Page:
What is it areata alopecia?
Areata alopecia is a disease that involves the loss of hair in a localized area of the body and usually in small round areas. Frequently, it differs from other types of hair loss by the speed in its performance. Its evolution is very unpredictable and very variable.
Who does it affect?
It’s a common disease that affects both women and men and can appear at any time in life.
It’s closely related to people with a personal or family history of hypothyroidism, a thyroid gland disorder that causes it to function more slowly and is usually of autoimmune origin.
A curiosity of the areata alopecia is that usually manifested in children and/or young people with a high degree of self-demand, very competitive, brilliant from the academic point of view. They are usually gifted or have a very high IQ.
There are different types of areata alopecia:
- Areata alopecia in single plate: is usually presented in a single area and small size. It’s the most usual presentation.
- Total areata alopecia: affects the entire scalp. The loss of all hair is usually 6 months after starting the symptomatology.
- Universal areata alopecia: affects the entire body hair (armpits, pubis, eyebrows and eyelashes)
Hair loss is often the only symptomatology. The area of affected skin looks normal, there is no inflammation, redness, scaling or any other abnormality.
It’s a disease considered of multifactorial origin, since there are different reasons that can influence its appearance:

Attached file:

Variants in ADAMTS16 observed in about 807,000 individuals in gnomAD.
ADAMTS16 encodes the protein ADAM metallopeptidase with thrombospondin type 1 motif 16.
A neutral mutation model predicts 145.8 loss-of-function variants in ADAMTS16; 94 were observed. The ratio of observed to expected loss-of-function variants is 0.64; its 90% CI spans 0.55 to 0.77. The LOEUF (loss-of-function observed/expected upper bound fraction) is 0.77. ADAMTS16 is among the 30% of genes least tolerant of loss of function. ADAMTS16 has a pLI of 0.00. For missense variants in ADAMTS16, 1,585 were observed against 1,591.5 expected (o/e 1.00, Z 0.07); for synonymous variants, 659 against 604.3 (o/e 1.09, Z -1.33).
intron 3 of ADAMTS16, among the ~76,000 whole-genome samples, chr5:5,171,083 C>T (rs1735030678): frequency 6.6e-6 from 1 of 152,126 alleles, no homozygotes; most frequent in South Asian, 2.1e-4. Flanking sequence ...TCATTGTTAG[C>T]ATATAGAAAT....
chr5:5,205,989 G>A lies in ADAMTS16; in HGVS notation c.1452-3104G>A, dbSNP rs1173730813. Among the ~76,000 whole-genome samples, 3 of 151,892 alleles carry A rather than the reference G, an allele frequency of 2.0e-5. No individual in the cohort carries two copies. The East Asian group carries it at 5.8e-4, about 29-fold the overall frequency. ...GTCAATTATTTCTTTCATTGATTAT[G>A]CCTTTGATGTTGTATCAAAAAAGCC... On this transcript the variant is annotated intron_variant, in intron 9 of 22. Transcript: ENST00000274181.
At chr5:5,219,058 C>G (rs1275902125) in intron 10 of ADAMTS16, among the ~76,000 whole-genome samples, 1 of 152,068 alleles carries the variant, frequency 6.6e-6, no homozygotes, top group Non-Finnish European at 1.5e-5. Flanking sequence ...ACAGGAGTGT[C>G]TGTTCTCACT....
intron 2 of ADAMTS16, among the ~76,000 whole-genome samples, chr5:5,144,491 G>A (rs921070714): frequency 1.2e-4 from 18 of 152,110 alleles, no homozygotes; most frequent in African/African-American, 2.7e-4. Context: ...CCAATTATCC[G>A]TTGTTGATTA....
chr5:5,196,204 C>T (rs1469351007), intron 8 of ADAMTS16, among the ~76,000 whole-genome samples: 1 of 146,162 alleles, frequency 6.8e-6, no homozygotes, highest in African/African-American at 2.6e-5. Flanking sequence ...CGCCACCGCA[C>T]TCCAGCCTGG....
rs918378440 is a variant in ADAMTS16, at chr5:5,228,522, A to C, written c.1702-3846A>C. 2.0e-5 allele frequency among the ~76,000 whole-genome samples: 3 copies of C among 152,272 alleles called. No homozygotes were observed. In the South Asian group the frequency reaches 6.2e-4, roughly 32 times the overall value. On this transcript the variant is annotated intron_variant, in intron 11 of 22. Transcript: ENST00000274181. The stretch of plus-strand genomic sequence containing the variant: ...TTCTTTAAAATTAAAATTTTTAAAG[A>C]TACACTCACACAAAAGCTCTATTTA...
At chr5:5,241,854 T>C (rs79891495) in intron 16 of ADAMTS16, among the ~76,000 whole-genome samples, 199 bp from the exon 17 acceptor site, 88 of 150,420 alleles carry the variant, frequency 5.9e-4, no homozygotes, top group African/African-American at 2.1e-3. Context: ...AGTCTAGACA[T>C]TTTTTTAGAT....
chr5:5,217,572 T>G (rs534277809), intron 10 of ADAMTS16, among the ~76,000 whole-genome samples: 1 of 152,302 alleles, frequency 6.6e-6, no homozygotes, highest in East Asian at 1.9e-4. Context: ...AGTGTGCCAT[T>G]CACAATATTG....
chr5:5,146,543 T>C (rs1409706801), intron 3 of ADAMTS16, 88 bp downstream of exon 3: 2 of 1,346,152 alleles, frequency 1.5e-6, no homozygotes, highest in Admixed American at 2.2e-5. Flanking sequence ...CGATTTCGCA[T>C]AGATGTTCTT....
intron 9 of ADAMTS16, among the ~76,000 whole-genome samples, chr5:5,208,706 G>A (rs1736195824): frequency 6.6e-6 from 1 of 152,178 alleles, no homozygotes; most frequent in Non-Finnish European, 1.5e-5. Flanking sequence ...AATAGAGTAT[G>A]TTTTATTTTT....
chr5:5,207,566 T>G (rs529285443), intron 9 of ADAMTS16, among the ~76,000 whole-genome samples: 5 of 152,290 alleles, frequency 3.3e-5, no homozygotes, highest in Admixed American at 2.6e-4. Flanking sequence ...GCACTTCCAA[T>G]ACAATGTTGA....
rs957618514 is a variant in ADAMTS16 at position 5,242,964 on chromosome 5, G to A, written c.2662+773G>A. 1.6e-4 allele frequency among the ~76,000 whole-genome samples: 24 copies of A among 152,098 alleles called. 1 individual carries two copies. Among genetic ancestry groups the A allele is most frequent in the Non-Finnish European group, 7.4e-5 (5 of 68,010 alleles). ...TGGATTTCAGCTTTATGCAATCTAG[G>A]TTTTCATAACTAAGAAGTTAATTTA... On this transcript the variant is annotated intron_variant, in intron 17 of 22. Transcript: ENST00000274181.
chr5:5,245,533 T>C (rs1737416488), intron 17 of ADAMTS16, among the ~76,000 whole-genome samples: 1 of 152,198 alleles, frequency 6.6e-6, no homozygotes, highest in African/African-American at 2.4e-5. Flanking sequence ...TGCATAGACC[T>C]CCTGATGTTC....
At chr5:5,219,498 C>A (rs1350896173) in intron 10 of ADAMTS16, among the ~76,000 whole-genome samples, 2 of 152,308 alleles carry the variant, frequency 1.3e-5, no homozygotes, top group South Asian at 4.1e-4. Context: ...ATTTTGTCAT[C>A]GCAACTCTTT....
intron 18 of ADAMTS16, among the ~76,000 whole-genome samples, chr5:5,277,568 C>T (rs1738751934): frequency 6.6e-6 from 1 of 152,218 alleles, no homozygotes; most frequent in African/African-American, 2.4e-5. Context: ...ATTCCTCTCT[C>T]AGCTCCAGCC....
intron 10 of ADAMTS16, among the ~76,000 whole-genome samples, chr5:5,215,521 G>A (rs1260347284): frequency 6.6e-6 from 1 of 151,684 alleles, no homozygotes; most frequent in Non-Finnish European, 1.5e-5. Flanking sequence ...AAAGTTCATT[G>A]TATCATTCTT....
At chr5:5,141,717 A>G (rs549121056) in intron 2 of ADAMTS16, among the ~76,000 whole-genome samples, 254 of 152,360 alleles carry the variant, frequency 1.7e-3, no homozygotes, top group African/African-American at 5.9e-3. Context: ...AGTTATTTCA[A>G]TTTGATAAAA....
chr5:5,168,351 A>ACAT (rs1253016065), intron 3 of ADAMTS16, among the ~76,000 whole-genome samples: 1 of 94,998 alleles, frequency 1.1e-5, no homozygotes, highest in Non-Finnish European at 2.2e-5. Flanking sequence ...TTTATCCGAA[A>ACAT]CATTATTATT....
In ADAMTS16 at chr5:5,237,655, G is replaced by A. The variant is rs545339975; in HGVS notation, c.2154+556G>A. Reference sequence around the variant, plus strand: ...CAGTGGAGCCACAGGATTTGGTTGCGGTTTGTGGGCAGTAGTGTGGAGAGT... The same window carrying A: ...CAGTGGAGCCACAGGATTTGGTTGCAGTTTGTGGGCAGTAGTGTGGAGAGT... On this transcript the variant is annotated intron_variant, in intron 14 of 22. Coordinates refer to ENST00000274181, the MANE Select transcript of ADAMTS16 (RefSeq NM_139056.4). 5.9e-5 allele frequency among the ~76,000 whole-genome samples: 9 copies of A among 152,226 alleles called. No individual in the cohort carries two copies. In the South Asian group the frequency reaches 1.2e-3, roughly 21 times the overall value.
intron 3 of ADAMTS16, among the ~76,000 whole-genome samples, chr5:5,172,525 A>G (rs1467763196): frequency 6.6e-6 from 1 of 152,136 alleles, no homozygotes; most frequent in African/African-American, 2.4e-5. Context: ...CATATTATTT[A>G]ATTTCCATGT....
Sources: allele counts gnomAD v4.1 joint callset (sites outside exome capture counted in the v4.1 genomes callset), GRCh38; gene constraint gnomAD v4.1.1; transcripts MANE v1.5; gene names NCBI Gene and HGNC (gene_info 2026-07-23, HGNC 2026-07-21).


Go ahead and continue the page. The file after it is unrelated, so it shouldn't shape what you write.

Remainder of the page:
- Genetic factors: family history with alopecia (20% cases).
- Autoimmune disease: is an attack of our own immune system to the hair follicle. An accumulation of lymphocytes occurs around the hair follicle that paralyzes the development of hair and causes its subsequent fall. The reason it’s triggered is unknown, but it’s usually linked to times of stress or emotional disturbances.
- Associated diseases: asthma, allergic rhinitis, atopic dermatitis, thyroid disease, diabetes, vitiligo …
Areata alopecia treatment
If hair loss is not generalized, often hair regrows in a few months without treatment. Even so, we recommend treating it as quickly as possible, as alopecia unfortunately goes faster that the medicines themselves.
The shock treatment of areata alopecia is done with corticosteroids, either in the form of lotions to apply, in the form of creams, injections or sometimes also by mouth. Everything will depend on the extent and of the force with which it’s presented.
The response to treatments varies greatly. Most patients respond satisfactorily to cortisone treatments, especially if they are established very rapidly at the onset of alopecia. In chronic cases in which the person has large areas of baldness in which all the usual treatments have failed, one of the most favorable treatments and with less risk to the health of the person is the PUVAteràpia which consists of receiving ultraviolet A radiation in combination with a medication that enhances the effect of radiation.
In certain cases of universal or total areata alopecia, it can cause psychological problems and of self-esteem, especially when the person is very young.